Home Directory The Institute of Directors in Ireland 200,000 employers around Ireland getting ready for major change to Revenue’s new payroll reporting system

200,000 employers around Ireland getting ready for major change to Revenue’s new payroll reporting system

Just 23% of employers in the country have taken the required first step in the process

The Irish Tax Institute, the SFA and the Institute of Directors are today launching a new guide to help over 200,000 employers across Ireland to get ready for the biggest change in Revenue’s payroll reporting and compliance regime in almost 60 years.

A new real-time technology-driven system known as “PAYE Modernisation” is going live on 1 January 2019 with the first deadline in the process just eight days away. Employers are being asked to get their employee records in order by 31 October so that their systems can go live in January.  While just over 45,000 employers have uploaded their employee records to Revenue’s system, it accounts for only 23% of the total employers in the country, meaning much work is needed in the coming weeks.

Up to now, employers logged payroll returns containing details of each employee’s tax and pay with Revenue once a year, on the P35 return. From 1 January onwards that process ends and employers will now be submitting payroll reports with employee payment and deduction details to Revenue in real-time; be that weekly, fortnightly or monthly, depending on when they pay their employees.

Tax authorities in Australia and the UK have already implemented real-time reporting of payroll information to ensure greater accuracy and compliance. With Revenue anticipating an extra €50 million in taxes in 2019 arising from the implementation of the new payroll system, it’s an indication of why employers should be preparing now.

Irish Tax Institute President Marie Bradley said: “Employers must be accurate in their reporting to avoid the imposition of penalties when mistakes are made. A penalty of €4,000 can apply to each instance where an employer fails to follow the instructions in Revenue’s new Payroll Notification system (RPN). This instruction enables the employer to calculate the tax correctly. Similarly, a €4,000 penalty can apply if an employer does not keep a register of employees at their business address. Our guide shows it’s not just important to be ready to use the technology but to have your employer records ready by 31 October.”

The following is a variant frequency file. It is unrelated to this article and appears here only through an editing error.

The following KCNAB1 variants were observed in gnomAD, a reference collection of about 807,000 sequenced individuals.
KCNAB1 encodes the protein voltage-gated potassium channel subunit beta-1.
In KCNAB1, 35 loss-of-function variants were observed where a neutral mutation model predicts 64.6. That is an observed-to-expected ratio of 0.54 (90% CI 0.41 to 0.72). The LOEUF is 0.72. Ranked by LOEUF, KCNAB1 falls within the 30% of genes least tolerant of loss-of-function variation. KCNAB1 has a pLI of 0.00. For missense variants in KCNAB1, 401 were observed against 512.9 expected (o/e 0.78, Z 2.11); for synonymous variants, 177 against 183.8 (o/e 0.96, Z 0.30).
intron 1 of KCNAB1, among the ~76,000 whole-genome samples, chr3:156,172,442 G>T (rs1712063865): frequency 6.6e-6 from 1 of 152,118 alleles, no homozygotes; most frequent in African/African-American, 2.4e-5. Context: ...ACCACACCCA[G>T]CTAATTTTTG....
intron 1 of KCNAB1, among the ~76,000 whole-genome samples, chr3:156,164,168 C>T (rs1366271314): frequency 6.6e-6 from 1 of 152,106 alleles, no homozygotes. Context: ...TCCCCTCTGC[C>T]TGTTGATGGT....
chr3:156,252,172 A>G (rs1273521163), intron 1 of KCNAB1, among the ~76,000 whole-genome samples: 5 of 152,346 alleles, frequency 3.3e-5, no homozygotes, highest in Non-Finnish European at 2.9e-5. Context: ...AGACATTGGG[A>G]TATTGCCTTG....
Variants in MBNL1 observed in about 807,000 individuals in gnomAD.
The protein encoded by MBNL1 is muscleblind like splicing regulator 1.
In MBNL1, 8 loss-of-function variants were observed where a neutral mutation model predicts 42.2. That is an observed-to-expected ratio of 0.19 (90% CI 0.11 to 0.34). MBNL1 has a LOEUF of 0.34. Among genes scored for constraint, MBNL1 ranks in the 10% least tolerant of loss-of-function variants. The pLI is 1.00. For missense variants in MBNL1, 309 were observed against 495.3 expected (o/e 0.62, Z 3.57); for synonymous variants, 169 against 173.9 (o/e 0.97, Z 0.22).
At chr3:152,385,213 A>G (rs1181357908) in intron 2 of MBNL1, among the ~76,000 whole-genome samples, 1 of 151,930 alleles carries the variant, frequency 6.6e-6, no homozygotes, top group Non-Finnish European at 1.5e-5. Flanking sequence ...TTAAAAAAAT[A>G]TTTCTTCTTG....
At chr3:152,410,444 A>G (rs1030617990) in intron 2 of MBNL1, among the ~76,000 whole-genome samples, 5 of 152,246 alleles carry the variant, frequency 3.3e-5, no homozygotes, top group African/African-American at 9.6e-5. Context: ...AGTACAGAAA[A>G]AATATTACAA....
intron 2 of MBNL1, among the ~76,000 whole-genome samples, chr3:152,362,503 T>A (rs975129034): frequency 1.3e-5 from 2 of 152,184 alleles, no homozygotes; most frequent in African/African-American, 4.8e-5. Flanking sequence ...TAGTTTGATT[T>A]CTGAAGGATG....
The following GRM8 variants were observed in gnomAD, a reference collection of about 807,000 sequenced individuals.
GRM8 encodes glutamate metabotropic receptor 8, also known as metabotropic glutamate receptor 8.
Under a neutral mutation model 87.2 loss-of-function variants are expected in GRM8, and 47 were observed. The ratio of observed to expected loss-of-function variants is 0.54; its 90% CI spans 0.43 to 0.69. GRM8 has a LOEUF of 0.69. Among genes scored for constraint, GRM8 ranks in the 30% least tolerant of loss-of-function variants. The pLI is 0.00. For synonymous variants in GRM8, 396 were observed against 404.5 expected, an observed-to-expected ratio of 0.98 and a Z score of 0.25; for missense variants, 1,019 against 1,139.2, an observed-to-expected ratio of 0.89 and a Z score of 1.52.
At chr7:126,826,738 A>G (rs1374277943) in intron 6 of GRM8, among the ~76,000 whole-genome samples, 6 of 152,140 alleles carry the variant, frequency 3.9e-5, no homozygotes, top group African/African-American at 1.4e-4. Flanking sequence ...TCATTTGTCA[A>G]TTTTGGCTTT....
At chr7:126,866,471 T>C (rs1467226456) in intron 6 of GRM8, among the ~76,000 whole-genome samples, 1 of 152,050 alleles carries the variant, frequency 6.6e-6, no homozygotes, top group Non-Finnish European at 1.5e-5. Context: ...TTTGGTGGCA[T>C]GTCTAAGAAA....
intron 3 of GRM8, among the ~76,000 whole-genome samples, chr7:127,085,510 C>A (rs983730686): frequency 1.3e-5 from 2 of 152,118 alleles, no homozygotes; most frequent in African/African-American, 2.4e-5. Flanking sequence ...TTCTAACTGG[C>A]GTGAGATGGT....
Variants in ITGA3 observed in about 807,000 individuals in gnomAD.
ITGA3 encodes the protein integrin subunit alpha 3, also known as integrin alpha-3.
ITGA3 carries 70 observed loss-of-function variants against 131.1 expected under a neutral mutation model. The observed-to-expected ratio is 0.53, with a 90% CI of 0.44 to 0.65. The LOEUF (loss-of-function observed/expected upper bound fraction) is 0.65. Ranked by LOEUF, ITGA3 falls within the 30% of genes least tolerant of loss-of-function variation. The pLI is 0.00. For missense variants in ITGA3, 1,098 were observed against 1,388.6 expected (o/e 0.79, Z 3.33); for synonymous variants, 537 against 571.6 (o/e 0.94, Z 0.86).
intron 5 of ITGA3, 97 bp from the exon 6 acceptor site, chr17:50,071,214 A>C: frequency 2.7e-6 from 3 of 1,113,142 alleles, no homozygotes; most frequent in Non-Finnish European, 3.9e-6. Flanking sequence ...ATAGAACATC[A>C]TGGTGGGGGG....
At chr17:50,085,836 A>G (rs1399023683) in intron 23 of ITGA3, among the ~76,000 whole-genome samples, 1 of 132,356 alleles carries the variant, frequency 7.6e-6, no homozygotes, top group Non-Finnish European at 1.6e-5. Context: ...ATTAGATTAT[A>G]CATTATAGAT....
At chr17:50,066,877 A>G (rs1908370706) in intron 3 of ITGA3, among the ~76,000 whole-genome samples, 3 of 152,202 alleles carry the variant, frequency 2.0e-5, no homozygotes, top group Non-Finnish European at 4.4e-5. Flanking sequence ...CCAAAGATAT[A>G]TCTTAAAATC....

Ms. Bradley said “PAYE modernisation has implications for every aspect of the payroll process. It is vital that all employers review their payroll systems, to be confident that they can submit accurate reports to Revenue every pay date.”

Chief Executive of the Institute of Directors (IoD), Maura Quinn, said: “Companies’ tax governance frameworks may need to be reviewed and updated to take account of the sweeping changes to PAYE reporting”. “Directors of all companies, irrespective of size, will need to ensure company payroll processes and controls are sufficiently robust to satisfy the requirements of the new regime. Larger organisations with complex payrolls may need to implement a co-ordinated approach across multiple business units for example Finance, HR, Payroll, IT, business operations and their third-party service providers. This should minimise the risk of errors and potential tax exposures.”

Director of the Small Firms Association (SFA), Sven Spollen-Behrens, emphasised: “Small firms need to review their payroll processes to ensure all forms of pay can be identified and reported on a real-time basis. Pay is much broader than salary, for example it includes share-based pay, a company car, medical insurance paid for employees and other similar items. Accurate reports of mobile employees who are travelling in and out of Ireland will also be necessary, so that any PAYE due is deducted and reported at the right time.

Mr. Spollen-Behrens said: “Small businesses that do not use payroll software or an outsourced provider will be able to submit their reports to Revenue via ROS. However, this reporting facility won’t calculate the tax due. If they choose to use this option they need to be confident that their payroll calculations are correct.

Revenue has already commenced an extensive programme of engagement on the new payroll regime. It has hosted over free 100 seminars nationwide during September and October with most of the events held to date completely sold out. In addition to writing to all employers in Ireland, 50,000 employers have been contacted to ensure they are familiar with the new system and 11,000 of these received on-site visits.

Concluding, Ms. Bradley said “If you have any doubts please engage with Revenue, which has a dedicated helpline to support employers in the early days of the new regime.”